• How other people chose to respond to that is their part.

I’ll let you all know when I’ve truly mastered that process, as there is a difference in knowing it and truly believing it. That difference influences the quality of the light that Jesus talks about in the above passage from John. My heart clearly tells me when I lack the trust required to let go, as then I loose sight of the light and the cup seems to systematically empty.

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Building A Solid Foundation…

Wednesday Wisdom 🙂


Inspiration this week comes from Matthew 7: 24-27

Jesus says, “Anyone who listens to my teaching and follows it is wise, like a person who builds a house on solid rock. Though the rains come in torrents and the flood waters rise and the winds beat against that house, it won’t collapse because it is built on bedrock. But, anyone who hears my teaching and doesn’t obey it is foolish, like a person who builds a house on sand. When the rains and floods come and the winds beat against that house, it will collapse with a mighty crash.”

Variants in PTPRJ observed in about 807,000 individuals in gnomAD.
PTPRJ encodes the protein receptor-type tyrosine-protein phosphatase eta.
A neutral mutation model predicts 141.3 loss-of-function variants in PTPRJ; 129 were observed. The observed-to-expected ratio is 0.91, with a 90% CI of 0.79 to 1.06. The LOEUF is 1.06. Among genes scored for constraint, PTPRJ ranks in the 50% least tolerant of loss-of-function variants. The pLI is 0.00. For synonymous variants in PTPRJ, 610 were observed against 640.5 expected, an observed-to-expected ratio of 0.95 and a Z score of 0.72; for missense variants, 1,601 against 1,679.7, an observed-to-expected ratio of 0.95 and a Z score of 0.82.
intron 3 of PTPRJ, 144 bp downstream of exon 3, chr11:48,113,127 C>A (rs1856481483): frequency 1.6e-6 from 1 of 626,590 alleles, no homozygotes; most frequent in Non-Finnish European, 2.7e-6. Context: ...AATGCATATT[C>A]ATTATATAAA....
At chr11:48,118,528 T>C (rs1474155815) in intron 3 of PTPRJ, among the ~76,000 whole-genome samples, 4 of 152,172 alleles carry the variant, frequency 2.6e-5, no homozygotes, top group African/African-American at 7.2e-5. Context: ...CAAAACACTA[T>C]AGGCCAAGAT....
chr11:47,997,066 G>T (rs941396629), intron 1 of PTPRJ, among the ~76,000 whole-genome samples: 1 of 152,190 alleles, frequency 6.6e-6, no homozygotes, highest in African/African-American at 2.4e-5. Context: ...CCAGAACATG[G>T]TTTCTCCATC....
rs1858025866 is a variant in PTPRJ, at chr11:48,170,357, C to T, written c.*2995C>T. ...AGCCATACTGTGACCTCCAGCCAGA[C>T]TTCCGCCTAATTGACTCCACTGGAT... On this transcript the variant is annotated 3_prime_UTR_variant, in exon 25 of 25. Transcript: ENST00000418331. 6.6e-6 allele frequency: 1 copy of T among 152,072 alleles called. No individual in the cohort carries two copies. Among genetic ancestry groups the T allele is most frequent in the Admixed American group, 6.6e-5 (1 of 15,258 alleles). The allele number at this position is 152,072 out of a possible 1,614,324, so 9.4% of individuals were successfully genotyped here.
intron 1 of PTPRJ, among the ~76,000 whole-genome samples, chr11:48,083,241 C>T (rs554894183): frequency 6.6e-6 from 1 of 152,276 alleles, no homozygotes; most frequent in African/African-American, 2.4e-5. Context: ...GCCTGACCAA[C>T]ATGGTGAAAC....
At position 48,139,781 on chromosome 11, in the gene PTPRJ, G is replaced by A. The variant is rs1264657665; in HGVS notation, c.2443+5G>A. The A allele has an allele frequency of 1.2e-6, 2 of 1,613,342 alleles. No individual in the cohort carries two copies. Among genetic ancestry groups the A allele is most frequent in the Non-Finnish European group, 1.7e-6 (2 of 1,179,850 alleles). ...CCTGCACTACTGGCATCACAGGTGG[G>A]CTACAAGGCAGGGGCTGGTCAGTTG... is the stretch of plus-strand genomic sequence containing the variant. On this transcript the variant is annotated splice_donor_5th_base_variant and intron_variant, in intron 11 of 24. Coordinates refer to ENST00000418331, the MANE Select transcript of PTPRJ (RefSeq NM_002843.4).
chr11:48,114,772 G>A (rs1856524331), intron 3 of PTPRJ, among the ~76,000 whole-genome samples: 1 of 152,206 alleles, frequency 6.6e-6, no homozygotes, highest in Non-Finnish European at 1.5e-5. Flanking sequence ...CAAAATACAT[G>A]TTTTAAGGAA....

Do you ever have moments where your faith falters?

Something or a combination of things happen that just shake your core. Misunderstanding and incomprehension combine with an inward pull of sadness that just plain pulls you in. As self-pity takes over – faith, joy, hope and peace all temporarily find themselves sitting in the background. When this happens, tunnel vision threatens to cloud up the faithful perspective that guides. It leaves you with an unabashed picture of how solid your foundation is.